Parsing Custom DateTime Formats

by May 4, 2012

Sometimes, date and time information may not conform to standards, and still you'd like to interpret that information correctly as date and time.

That's when you can use ParseExact() provided by the DateTime type. Here's an example:

PS> $timeinfo = '12 07 2012 18 02'

To tell PowerShell what piece of information belongs to which datetime part, you submit a template like this:

PS> $template = 'HH mm yyyy dd MM'

This template defines the custom format to specify hours first (HH), then minutes (mm), then the year (yyyy), the day (dd) and the month (MM).

Now let's use the template to interpret the raw datetime information:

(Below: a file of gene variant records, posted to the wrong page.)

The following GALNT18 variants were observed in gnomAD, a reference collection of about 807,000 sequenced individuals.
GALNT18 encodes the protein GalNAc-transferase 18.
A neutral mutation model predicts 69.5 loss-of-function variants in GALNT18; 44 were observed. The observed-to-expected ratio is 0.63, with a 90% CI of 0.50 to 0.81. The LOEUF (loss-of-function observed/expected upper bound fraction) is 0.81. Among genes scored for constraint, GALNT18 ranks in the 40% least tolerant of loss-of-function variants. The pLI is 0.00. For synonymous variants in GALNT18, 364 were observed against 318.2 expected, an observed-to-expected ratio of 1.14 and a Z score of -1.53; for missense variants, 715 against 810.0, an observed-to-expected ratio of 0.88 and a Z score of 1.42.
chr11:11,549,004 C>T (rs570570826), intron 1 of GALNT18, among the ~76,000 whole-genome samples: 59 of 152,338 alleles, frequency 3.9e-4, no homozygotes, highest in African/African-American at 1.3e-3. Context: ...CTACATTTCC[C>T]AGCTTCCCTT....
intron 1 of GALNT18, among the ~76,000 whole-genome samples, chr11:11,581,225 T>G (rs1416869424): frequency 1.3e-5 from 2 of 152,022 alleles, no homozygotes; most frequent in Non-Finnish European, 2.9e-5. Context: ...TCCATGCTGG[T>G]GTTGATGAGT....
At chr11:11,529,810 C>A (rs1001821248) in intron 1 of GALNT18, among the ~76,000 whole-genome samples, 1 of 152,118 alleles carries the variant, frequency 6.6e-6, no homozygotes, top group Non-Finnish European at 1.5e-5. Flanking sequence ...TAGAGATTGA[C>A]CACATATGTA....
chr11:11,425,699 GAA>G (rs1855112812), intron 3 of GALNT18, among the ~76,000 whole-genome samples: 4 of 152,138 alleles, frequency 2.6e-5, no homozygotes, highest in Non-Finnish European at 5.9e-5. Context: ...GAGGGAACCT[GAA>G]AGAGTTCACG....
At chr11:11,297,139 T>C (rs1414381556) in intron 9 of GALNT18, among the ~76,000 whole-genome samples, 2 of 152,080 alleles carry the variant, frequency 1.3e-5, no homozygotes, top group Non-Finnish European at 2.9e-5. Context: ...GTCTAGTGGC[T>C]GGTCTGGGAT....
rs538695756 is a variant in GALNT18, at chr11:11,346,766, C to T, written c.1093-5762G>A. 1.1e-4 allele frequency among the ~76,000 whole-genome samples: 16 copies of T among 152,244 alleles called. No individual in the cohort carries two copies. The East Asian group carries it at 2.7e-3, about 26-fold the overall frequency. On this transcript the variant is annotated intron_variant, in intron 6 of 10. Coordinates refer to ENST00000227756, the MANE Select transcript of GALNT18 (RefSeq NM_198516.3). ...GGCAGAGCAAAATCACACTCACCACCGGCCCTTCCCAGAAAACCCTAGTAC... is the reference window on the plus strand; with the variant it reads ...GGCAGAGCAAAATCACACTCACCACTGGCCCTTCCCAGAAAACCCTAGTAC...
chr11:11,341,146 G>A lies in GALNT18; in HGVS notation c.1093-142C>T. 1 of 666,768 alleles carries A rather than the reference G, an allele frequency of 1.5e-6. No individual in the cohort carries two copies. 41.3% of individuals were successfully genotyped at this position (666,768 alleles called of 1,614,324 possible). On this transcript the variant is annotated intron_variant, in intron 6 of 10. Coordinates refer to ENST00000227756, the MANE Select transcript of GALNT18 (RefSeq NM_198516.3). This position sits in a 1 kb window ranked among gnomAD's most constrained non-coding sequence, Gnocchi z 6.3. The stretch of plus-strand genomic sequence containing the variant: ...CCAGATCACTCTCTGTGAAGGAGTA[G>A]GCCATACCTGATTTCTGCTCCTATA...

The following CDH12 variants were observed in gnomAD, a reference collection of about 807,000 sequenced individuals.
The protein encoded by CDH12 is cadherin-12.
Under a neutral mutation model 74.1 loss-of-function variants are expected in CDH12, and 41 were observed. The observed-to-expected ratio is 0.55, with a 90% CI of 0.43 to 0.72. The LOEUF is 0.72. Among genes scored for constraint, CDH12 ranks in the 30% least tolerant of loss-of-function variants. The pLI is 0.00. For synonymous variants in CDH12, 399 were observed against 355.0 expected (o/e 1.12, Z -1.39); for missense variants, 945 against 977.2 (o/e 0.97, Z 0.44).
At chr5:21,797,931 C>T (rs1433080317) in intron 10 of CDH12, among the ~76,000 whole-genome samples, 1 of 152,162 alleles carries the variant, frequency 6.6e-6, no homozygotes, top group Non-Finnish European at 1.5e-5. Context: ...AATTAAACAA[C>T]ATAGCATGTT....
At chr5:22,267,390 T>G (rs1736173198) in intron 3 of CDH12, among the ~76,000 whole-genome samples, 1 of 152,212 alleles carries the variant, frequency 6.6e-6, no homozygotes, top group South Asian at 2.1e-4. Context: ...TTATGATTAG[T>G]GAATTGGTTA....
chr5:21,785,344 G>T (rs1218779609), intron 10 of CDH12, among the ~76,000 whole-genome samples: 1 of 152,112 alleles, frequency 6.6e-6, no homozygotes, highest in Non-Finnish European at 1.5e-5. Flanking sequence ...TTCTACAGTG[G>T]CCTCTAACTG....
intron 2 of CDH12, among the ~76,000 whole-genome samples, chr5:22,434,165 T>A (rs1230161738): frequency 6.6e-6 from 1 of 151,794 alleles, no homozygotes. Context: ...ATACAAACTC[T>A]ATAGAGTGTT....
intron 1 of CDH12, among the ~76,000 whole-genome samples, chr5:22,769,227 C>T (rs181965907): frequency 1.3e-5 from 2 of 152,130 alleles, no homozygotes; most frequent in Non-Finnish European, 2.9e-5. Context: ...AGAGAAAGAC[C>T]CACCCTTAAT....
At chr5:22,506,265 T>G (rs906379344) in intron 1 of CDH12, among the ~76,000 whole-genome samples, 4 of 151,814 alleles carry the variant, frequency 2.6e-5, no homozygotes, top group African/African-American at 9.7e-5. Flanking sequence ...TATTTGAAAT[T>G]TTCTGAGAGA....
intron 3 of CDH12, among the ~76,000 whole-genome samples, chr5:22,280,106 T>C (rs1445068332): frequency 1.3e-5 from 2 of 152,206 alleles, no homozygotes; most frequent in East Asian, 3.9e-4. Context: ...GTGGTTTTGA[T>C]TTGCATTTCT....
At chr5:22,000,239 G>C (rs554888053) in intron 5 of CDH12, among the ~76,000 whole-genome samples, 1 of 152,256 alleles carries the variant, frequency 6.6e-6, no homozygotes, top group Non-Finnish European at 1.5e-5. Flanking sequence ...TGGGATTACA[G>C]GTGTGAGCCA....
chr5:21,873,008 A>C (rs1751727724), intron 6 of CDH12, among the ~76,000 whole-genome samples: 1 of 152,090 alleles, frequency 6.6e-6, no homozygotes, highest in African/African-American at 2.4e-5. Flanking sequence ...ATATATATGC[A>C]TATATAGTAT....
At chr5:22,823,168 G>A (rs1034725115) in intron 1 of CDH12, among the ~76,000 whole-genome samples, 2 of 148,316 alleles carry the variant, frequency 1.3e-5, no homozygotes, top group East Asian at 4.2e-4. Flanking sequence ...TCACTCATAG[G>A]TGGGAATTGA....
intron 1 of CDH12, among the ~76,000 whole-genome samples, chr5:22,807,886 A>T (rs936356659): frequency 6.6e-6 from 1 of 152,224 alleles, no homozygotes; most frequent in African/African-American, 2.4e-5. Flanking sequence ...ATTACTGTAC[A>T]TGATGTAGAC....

PS> $timeinfo = '12 07 2012 18 02'
PS> $template = 'HH mm yyyy dd MM'
PS> [DateTime]::ParseExact($timeinfo, $template, $null)

Samstag, 18. Februar 2012 12:07:00

Voilá! To define patterns, here are the placeholders you can use (note that they are case-sensitive!):

d Day of month 1-31
dd Day of month 01-31
ddd Day of month as abbreviated weekday name
dddd Weekday name
h Hour from 1-12
H Hour from 1-24
hh Hour from 01-12
HH Hour from 01-24
m Minute from 0-59
mm Minute from 00-59
M Month from 1-12
MM Month from 01-12
MMM Abbreviated Month Name
MMMM Month name
s Seconds from 1-60
ss Seconds from 01-60
t A or P (for AM or PM)
tt AM or PM
yy Year as 2-digit
yyyy Year as 4-digit
z Timezone as one digit
zz Timezone as 2-digit
zzz Timezone

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